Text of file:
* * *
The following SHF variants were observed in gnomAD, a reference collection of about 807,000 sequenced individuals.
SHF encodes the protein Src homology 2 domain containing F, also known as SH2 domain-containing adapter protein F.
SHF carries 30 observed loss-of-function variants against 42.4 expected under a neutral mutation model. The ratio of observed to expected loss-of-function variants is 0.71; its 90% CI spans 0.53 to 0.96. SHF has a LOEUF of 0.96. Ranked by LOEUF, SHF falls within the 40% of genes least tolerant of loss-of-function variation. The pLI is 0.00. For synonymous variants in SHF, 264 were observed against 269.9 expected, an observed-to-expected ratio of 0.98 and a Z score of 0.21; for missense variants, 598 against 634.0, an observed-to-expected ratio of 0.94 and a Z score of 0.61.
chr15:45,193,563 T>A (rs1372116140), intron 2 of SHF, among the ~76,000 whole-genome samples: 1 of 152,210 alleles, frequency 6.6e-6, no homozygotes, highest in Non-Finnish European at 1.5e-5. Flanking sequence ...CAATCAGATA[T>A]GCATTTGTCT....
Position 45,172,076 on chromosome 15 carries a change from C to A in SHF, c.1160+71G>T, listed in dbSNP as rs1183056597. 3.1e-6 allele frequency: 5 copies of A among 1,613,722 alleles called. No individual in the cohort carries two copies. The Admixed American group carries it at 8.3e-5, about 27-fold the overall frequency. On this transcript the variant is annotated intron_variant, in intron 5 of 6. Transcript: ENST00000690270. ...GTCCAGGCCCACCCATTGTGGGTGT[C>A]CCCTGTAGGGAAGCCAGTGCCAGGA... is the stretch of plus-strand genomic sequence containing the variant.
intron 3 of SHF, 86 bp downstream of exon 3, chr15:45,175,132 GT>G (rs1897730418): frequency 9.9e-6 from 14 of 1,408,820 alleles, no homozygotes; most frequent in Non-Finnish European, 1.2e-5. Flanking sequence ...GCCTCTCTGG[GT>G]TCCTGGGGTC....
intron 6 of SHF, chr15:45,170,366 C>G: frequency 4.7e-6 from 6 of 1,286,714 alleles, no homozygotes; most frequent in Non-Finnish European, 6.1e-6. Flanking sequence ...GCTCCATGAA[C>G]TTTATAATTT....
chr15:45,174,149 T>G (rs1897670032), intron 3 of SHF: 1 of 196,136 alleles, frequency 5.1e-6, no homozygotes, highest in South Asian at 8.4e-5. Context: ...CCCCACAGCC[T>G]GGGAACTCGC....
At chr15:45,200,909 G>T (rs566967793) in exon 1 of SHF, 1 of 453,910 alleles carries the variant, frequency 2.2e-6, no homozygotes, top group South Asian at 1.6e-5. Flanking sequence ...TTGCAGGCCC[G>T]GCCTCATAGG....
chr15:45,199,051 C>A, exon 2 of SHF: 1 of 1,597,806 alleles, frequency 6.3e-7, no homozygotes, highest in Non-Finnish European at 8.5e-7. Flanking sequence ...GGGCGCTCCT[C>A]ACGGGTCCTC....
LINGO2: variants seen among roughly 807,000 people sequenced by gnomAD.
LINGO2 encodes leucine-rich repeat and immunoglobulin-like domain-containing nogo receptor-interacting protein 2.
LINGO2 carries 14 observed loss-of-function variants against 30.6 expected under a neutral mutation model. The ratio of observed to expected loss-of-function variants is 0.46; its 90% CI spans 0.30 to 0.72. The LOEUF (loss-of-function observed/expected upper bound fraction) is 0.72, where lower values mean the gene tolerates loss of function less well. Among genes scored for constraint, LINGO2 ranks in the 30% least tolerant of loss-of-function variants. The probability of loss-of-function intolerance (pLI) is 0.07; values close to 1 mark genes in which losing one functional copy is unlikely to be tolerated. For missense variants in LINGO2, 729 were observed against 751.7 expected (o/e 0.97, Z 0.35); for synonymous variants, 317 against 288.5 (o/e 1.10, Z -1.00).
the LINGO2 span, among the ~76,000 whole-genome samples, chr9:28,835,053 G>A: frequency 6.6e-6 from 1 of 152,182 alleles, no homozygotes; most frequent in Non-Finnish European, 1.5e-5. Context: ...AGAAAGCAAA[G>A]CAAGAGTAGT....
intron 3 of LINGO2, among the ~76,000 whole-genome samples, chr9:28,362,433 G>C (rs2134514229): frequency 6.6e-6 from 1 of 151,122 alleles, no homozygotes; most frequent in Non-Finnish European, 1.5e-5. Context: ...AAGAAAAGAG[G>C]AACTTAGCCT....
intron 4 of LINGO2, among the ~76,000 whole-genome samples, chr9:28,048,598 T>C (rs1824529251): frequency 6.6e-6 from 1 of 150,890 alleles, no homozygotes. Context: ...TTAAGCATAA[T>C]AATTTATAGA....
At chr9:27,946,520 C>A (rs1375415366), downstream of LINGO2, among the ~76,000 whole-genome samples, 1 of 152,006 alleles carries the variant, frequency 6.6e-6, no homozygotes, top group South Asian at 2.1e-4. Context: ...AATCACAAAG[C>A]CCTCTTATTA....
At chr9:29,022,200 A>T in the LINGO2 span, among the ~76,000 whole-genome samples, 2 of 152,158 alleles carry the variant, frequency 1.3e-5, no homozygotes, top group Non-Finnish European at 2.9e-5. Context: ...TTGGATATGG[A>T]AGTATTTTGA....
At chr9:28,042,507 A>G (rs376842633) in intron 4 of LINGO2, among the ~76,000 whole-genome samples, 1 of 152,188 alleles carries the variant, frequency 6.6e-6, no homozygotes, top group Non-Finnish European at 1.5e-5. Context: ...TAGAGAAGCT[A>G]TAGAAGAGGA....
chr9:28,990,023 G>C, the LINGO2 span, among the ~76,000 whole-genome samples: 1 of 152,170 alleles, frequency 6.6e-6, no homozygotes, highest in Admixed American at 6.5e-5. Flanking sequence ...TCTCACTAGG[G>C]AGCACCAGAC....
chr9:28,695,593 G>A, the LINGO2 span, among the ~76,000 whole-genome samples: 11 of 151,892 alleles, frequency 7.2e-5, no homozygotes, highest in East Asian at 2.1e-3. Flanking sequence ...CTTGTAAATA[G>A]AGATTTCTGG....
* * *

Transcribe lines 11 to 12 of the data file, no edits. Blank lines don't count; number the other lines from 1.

LINGO2: variants seen among roughly 807,000 people sequenced by gnomAD.
LINGO2 encodes leucine-rich repeat and immunoglobulin-like domain-containing nogo receptor-interacting protein 2.